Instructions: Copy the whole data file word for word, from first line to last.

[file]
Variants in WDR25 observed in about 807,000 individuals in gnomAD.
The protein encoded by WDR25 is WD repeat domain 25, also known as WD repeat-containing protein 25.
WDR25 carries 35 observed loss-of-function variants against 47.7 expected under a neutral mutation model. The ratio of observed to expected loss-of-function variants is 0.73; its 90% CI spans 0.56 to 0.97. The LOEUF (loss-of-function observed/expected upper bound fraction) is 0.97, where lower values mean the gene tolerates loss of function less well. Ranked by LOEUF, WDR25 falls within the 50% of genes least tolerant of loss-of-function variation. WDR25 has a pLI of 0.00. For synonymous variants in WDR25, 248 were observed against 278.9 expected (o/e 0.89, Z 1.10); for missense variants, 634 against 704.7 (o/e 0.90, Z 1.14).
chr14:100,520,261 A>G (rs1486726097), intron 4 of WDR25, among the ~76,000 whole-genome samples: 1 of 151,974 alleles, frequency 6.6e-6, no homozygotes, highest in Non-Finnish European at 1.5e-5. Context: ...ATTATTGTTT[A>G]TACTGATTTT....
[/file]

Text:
Variants in WDR25 observed in about 807,000 individuals in gnomAD.
The protein encoded by WDR25 is WD repeat domain 25, also known as WD repeat-containing protein 25.
WDR25 carries 35 observed loss-of-function variants against 47.7 expected under a neutral mutation model. The ratio of observed to expected loss-of-function variants is 0.73; its 90% CI spans 0.56 to 0.97. The LOEUF (loss-of-function observed/expected upper bound fraction) is 0.97, where lower values mean the gene tolerates loss of function less well. Ranked by LOEUF, WDR25 falls within the 50% of genes least tolerant of loss-of-function variation. WDR25 has a pLI of 0.00. For synonymous variants in WDR25, 248 were observed against 278.9 expected (o/e 0.89, Z 1.10); for missense variants, 634 against 704.7 (o/e 0.90, Z 1.14).
chr14:100,520,261 A>G (rs1486726097), intron 4 of WDR25, among the ~76,000 whole-genome samples: 1 of 151,974 alleles, frequency 6.6e-6, no homozygotes, highest in Non-Finnish European at 1.5e-5. Context: ...ATTATTGTTT[A>G]TACTGATTTT....